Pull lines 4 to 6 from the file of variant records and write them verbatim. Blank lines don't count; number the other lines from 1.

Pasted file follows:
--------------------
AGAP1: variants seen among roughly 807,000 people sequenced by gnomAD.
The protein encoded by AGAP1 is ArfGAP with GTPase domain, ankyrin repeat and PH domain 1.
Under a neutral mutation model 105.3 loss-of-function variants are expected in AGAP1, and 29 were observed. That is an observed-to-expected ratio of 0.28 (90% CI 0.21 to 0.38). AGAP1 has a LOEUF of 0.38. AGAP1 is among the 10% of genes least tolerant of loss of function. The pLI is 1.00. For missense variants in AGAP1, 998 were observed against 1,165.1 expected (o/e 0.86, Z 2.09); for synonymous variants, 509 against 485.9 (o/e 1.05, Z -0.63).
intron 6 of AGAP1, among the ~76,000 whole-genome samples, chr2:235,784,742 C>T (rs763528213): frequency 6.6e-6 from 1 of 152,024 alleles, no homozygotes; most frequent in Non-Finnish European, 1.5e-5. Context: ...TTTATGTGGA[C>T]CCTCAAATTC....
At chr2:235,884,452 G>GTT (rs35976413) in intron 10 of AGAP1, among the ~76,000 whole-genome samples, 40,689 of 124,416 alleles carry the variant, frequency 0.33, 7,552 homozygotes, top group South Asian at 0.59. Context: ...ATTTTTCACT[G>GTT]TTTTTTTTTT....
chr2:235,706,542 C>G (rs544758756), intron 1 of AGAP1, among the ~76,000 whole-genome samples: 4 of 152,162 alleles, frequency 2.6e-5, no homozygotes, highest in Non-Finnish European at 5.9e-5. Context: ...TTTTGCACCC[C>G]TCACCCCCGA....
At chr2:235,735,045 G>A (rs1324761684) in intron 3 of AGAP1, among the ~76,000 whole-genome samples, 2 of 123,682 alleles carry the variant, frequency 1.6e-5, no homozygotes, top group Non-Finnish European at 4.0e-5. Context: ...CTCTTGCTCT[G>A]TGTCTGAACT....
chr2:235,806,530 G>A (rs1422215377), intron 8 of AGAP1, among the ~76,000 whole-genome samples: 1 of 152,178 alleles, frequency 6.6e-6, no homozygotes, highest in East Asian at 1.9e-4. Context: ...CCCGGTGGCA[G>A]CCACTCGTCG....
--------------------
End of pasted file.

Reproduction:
intron 6 of AGAP1, among the ~76,000 whole-genome samples, chr2:235,784,742 C>T (rs763528213): frequency 6.6e-6 from 1 of 152,024 alleles, no homozygotes; most frequent in Non-Finnish European, 1.5e-5. Context: ...TTTATGTGGA[C>T]CCTCAAATTC....
At chr2:235,884,452 G>GTT (rs35976413) in intron 10 of AGAP1, among the ~76,000 whole-genome samples, 40,689 of 124,416 alleles carry the variant, frequency 0.33, 7,552 homozygotes, top group South Asian at 0.59. Context: ...ATTTTTCACT[G>GTT]TTTTTTTTTT....
chr2:235,706,542 C>G (rs544758756), intron 1 of AGAP1, among the ~76,000 whole-genome samples: 4 of 152,162 alleles, frequency 2.6e-5, no homozygotes, highest in Non-Finnish European at 5.9e-5. Context: ...TTTTGCACCC[C>G]TCACCCCCGA....